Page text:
The Rest Of The Story

By now, I’m sure that everyone has heard about, read about, and even seen video of President Bush ducking shoes thrown at him by an angry Iraqi journalist.  If not, you can even go relive the experience at www.sockandawe.com, which deserves massive props for the creativity of their name, even if the game itself kind of sucks.

However, something that I don’t see anyone really talking about is one of President Bush’s comments on the issue:

That’s what people do in a free society, draw attention to themselves

I heard comments of his which even better fit what I’m going to talk about here, but can’t find them online, so I’m sorry about that.  I think the point still holds, though.

It is amazing to me, the amount of time and energy this administration expends defending as the inevitable product of ‘a free society’ conduct that it would never allow to happen here at home.  There was Donald Rumsfeld’s despicable comments about how “Democracy is messy”, to defend the U.S. military not taking any action to maintain order in Baghdad after the fall of Saddam Hussein’s government.  I’m sure that President Bush does not feel that this weekend’s “attack” is in any way symbolic of a general lack of respect or love for American actions in Iraq, but he’s simply wrong.  It’s indicative of an entire society which saw four years of the complete acceptance of failure by the Bush administration before recognizing that Iraq was not a success story.

These comments reminded me a lot of a story in Time a few years back, about Iranian President Ahmadinejad giving a talk at an Iranian university.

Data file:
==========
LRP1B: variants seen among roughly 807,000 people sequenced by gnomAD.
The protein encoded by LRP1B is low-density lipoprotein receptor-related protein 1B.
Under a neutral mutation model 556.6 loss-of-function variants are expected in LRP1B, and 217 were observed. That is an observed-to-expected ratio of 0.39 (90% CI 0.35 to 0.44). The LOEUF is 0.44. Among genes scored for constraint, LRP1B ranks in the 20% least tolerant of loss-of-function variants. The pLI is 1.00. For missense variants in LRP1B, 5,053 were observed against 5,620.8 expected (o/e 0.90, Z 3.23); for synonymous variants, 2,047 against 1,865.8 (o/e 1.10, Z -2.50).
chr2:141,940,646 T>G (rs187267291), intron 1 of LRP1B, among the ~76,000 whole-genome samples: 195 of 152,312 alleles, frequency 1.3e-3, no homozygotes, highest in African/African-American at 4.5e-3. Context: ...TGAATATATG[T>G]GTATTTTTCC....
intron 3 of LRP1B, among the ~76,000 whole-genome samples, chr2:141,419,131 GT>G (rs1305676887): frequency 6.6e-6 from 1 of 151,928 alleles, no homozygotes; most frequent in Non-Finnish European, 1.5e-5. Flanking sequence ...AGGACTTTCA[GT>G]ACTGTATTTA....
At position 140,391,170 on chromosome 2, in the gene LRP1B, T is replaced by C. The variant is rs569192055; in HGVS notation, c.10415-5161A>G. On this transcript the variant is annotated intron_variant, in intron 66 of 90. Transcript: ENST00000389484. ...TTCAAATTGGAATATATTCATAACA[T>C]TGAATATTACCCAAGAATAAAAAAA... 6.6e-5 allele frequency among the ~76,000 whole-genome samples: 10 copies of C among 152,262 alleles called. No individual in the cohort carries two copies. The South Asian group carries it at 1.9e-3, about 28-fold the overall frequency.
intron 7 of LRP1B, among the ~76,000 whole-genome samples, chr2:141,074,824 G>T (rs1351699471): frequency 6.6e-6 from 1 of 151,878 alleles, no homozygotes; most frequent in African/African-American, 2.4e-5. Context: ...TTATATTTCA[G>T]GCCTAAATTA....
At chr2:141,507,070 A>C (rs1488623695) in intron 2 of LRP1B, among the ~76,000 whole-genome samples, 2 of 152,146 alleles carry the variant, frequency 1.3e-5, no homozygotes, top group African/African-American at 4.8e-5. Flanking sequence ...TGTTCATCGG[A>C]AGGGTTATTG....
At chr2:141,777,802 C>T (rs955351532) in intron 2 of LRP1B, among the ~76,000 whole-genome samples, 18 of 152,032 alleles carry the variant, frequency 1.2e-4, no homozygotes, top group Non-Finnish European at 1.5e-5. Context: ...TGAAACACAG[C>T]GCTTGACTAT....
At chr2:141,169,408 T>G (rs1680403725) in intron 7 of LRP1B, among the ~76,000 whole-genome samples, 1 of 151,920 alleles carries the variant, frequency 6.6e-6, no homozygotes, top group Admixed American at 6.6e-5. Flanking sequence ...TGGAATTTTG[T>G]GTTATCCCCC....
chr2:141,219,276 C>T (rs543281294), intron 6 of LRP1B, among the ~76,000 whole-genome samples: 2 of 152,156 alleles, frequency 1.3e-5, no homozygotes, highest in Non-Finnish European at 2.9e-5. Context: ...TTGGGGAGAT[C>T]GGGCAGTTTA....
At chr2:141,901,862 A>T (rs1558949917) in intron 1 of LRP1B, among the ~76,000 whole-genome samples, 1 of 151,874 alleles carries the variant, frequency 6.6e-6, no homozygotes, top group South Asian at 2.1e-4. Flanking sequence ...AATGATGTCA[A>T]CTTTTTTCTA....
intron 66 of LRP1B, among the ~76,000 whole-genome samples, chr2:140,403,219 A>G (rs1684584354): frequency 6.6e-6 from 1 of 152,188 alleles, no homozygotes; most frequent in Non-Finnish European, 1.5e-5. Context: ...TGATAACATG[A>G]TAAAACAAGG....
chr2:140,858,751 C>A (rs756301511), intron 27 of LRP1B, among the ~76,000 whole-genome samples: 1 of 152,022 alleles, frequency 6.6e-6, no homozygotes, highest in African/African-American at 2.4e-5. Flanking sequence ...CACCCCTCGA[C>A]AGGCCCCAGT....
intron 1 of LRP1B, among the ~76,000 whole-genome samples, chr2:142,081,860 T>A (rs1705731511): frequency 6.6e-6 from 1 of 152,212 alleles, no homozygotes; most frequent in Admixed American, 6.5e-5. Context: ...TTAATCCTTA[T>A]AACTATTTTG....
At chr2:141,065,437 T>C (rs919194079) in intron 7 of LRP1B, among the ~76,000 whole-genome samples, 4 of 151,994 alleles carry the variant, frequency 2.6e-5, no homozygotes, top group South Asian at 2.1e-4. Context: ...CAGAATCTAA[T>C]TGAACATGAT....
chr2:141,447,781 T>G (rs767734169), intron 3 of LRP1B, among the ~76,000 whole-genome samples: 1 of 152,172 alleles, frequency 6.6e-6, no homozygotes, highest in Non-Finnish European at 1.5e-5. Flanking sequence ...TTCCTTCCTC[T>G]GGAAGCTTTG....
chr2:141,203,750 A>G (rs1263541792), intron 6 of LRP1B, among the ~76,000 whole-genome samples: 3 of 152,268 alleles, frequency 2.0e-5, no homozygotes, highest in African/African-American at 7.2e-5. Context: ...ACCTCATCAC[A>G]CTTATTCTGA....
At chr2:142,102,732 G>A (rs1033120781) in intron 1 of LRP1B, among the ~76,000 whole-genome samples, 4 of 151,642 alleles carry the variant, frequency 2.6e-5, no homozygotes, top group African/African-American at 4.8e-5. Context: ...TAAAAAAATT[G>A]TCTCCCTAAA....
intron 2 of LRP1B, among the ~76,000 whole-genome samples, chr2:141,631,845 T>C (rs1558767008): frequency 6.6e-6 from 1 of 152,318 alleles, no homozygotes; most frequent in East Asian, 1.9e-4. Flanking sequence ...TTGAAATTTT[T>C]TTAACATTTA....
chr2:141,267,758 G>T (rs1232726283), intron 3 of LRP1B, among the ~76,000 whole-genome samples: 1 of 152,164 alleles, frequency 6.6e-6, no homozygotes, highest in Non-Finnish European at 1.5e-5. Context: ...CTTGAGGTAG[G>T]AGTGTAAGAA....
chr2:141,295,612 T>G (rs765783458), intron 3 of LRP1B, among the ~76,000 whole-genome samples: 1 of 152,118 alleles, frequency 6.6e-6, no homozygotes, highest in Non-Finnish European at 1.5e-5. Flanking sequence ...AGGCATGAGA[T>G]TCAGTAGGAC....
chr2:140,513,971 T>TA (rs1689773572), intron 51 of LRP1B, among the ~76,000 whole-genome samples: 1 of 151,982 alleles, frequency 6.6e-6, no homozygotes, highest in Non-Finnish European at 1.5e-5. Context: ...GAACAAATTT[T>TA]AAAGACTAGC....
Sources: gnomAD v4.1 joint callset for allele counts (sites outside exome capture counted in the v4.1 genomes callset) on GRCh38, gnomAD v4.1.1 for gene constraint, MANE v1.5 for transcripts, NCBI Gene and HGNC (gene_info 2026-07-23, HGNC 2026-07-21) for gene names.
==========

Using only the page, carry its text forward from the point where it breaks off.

But in the back of the room, a group of 50 activists burned an effigy of the President, set off firecrackers and interrupted his speech with chants of “Death to the dictator!” Ahmadinejad grinned tightly and struggled to finish…

Compare that to this country, where if you remove your jacket during a speech by the President, and are wearing a t-shirt underneath which espouses anti-war slogans, you will be forcibly removed by security forces.  I mean, Jesus – if people started burning Dick Cheney in effigy at one of his rare public apperances, he would just have everyone hauled off to Guantanamo, right?

So, let’s be clear.  It is good that Iraq is a sufficiently free society that the reporter was given the opportunity to espouse his views, although most of the commentary since makes it sound like he is not exactly being given all due process and legal rights, at least if you consider ‘the right not to be beaten’ as one of those rights.  But, let’s not kid ourselves – the guy hates America, and is representative of a large contingent of Iraqis who feel the same.  At the same time, while I am free enough that I can write this blog item without fear of reprisal, my freedoms are also curtailed in many important fashions, the kind of thing that really ought to keep the rest of us a little worried at night…

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